Monday, August 29, 2016

Economy: Has Craft Beer Peaked?

(Drivebycuriosity) - I like craft beer. There is so much variety. Therefore a headline got my attention: "Craft beer`s looming crisis" (thedailybeast). Lew Bryson, the author, claims that the rapid growth of craft beer has "peaked" and that the craft beer "bubble" will burst. I don`t think so.

I grew up in Germany where the breweries follow the purity rule (Reinheitsgebot wikipedia). German brewers use just barely, hop & yeat and sometimes wheat. I liked the German beers, especially "K├Âlsch" and "Hefeweizen", but there was not much variety.

Now I am living in the US and enjoy the craft beer revolution. Many pubs serve a large selection of specialties and I can discover unknown combinations and explore new tastes: Variations of Lagers, IPAs, Stouts & Ales. Beers with vanilla, chocolate, coffee, mango, grapefruit and more. I can chose between bitter, fresh, sweet, spicy and more aromas.

Bryson claims that "the fact that fruit beers are flooding the market,  is truly a sign of the apocalypse". What is his problem? What is wrong with having a lot of choices? I think beers with grapefruit or mango fit well to a hot summer day, in winter people might chose different seasonal specialties. And people have different tastes. Some people like it fruity, others prefer bitter or whatever.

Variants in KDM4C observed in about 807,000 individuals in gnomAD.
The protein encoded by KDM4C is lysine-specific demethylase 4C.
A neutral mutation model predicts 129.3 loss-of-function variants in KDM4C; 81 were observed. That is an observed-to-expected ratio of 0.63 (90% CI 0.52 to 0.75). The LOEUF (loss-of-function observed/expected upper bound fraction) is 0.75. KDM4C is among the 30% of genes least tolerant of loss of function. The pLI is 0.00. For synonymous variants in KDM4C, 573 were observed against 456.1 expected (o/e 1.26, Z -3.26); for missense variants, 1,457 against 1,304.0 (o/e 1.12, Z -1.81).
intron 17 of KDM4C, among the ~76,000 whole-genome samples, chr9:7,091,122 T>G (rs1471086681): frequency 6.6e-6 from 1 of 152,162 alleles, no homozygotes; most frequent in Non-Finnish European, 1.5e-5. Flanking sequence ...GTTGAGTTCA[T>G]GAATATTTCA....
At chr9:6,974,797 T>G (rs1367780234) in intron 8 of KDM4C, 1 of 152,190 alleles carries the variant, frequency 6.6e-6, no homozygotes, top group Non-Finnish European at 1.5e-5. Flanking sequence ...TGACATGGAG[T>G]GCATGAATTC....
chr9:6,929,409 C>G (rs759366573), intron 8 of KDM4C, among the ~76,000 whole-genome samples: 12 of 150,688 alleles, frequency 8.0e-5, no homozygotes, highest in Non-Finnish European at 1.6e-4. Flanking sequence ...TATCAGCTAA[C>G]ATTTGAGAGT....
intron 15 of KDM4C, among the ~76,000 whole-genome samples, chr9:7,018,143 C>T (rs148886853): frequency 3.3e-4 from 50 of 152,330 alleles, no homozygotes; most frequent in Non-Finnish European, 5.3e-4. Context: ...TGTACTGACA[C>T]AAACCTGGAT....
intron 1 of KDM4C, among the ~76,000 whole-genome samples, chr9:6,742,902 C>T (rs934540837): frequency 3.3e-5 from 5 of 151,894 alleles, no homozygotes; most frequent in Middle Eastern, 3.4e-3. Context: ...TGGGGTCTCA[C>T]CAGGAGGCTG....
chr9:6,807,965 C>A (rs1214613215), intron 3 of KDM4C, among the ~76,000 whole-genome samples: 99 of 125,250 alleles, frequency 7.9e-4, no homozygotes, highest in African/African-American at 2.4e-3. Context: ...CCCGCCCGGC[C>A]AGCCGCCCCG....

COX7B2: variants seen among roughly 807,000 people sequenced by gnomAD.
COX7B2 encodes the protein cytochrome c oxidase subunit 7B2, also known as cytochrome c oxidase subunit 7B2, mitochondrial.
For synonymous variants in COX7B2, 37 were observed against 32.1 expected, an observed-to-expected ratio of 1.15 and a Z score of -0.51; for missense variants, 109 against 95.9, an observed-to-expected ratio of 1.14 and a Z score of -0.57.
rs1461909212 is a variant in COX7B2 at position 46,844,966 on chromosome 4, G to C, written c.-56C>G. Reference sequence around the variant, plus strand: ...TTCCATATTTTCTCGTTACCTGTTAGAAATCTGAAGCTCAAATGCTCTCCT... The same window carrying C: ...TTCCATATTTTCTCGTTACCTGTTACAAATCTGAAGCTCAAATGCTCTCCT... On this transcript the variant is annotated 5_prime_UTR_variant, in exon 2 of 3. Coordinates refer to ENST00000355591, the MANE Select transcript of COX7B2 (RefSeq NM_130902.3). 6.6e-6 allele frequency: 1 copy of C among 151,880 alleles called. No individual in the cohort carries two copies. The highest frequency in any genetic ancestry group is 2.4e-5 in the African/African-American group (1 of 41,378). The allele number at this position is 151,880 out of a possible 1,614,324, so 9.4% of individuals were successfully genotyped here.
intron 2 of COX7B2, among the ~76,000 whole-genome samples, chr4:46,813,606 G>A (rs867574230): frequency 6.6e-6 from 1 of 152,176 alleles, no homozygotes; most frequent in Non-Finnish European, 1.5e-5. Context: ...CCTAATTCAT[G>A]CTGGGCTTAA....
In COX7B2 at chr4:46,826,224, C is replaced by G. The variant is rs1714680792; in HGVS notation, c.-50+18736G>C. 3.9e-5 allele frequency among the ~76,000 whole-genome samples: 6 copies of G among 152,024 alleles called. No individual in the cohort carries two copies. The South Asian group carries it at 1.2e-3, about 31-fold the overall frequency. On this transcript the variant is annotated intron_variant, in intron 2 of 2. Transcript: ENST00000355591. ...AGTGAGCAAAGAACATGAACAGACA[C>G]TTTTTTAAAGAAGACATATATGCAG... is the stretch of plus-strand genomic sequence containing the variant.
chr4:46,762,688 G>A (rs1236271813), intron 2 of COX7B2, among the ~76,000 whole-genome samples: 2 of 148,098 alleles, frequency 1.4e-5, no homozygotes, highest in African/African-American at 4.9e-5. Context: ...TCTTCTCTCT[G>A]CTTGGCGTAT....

According to Bryson the craft beer market climbed to about 12% of the whole US beer market. So, the big brewers controll still more than 80% of the market. There is still plenty of space to grow for the craft brewers.



Apparently the author has an aversion against small breweries and against competition. He writes "fortunately, the industry has always had a strong tradition of cooperative competition, sharing information and experience among brands". This smells like collusion and cartels. Do we really need a (near) beer monopoly? The beer market is already ruled by giants like Anheuser-Busch InBev, who owns about 200 brands including Budweiser, Corona and Stella Artois & Beck's. Competition is good for the consumers.

The craft beer revolution will go on because the brewers are benefiting from the general technological progress. New technologies reduce the cost of beer brewing and make it profitable to produce small quantities of beer (microbrewing telegraph  wikipedia). And  small brewers are more flexible than the bigger ones and capable to experiment and to try new ways.

There is no reason that the whole market will crash. Some of the experimental beers may disappear, displaced by other more successful experiments.

A cheers to competition and to the craft brewers.

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